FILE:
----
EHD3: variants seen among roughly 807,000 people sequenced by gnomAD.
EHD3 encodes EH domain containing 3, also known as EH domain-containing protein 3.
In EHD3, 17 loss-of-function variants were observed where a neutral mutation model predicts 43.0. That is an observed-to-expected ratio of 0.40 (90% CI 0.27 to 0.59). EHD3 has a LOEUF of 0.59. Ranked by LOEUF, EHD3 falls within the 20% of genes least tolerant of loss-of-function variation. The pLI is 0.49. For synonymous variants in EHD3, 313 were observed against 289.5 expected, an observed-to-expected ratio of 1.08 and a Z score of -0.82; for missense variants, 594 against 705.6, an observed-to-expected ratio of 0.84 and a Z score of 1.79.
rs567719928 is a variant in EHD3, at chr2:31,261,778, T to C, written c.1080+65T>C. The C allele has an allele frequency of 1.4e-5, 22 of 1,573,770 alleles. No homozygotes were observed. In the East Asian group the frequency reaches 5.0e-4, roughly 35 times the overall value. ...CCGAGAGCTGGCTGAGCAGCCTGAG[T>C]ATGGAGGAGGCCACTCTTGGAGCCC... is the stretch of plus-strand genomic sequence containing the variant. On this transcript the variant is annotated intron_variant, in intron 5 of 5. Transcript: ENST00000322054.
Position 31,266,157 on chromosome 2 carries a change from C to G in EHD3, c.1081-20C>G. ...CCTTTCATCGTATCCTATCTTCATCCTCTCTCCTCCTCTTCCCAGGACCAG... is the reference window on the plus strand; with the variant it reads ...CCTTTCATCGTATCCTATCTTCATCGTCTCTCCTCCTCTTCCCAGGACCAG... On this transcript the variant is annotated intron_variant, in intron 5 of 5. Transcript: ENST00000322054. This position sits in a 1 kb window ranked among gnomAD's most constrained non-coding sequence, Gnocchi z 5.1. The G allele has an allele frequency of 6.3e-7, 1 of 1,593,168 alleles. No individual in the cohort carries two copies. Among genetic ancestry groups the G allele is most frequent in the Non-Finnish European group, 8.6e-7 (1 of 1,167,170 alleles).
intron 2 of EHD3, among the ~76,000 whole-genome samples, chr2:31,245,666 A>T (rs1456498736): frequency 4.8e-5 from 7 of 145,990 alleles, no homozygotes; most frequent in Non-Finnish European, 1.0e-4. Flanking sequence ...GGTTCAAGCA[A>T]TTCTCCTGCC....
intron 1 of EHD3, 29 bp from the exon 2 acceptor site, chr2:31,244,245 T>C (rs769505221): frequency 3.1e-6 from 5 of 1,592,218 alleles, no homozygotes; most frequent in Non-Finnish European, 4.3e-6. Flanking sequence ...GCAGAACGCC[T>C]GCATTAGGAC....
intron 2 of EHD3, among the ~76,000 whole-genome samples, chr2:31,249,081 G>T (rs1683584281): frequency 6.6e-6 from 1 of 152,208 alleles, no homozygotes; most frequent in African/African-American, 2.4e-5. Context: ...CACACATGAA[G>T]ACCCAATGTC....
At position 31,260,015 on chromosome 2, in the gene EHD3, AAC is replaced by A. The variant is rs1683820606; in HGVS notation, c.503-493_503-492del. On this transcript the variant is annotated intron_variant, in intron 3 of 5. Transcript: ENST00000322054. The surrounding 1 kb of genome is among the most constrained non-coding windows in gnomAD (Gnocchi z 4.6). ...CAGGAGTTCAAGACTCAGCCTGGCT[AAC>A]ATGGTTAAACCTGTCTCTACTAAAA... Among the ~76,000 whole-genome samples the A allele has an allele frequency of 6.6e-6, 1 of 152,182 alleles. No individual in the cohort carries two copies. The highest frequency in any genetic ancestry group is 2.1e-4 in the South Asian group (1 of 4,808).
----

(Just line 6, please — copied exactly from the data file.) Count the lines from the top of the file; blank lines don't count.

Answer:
intron 2 of EHD3, among the ~76,000 whole-genome samples, chr2:31,245,666 A>T (rs1456498736): frequency 4.8e-5 from 7 of 145,990 alleles, no homozygotes; most frequent in Non-Finnish European, 1.0e-4. Flanking sequence ...GGTTCAAGCA[A>T]TTCTCCTGCC....